Our actual response was suboptimal: people who knew the score (J. Edgar Hoover) thought that putting the Japanese into camps was a mistake. Watching and infiltrating known pro-Nippon groups, punishing those that actually committed crimes was perfectly feasible; combined with reasonable discretion in assigning Japanese to useful but nonclassified jobs, you would have a policy that was more effective than the one we actually pursued.

Locking them up (except in Hawaii !), wasn’t the best course, but it was a million times more sensible than what we would do today. Because in 1942, Americans weren’t crazy:  today, they are.

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The Poop Gap

There’s a new article out in Science tracing the splits in gut flora. It looks as if the gut bacteria in chimpanzees split with those in humans 5.3 million years: doesn’t quite match our genetic estimates based on Human/chimp autosomal DNA differences, but it’s in the ball park. They estimate the human-gorilla split at 15.6 million year ago, but that can’t be right: we know that gorillas split off just a bit before the human-chimp split. Perhaps gorilla diet changed drastically, and maybe they picked up new bacteria from some other species.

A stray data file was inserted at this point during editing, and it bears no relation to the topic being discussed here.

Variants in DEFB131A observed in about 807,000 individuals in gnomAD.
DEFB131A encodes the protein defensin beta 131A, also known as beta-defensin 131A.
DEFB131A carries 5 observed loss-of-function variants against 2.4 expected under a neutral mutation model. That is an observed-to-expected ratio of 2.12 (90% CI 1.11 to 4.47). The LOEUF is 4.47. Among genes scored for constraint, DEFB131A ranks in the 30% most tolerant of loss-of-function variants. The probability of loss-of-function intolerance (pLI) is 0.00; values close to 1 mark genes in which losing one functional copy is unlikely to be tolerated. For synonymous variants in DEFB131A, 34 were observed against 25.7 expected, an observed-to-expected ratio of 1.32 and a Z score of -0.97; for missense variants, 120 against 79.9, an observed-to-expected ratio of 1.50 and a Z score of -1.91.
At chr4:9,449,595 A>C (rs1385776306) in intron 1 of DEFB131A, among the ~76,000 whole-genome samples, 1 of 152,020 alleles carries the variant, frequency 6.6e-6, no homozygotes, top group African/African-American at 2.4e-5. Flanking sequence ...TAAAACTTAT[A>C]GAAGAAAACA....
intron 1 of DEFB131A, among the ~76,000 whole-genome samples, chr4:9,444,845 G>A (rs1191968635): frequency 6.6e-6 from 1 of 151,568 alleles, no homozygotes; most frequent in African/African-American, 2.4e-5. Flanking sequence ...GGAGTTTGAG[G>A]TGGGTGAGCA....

Different populations of modern humans apparently have pretty different microbiomes. The gut bacteria from people in Malawi appear to have diverged 1.7 million years ago from those in Europeans (people from Connecticut). That is surely too old to be a consequence of modern humans’ trek out of Africa: it looks as if AMH, after leaving Africa, picked up gut flora from archaic sapiens like Neanderthals and Denisovans and dwarves.

Microbiomes are trendy. We know that fecal transplants can cure C difficile (pseudomembranous colitis) lickety-split: they might help with Crohn’s disease and ulcerative colitis. Some researchers think the microbiome has something to do with the initiation of multiple sclerosis. Others suspect that it may play a role regulating how people think and feel – in particular, mood disorders. Autism has been mentioned.

So.. Poop matters: it certainly can affect health, and it may influence brain function. People from sub-Saharan have divergent poop, or you could say that Eurasians do. Are there differences in brain function between sub-Saharan Africans and Eurasians? Sure: Africans do poorly on IQ tests and in academic subjects. They have significant higher rates of schizophrenia, higher murder rates, etc.

Maybe it’s the poop. It’s worth checking out. Perhaps the fault lies not in our stars, or our genes, but in our stool.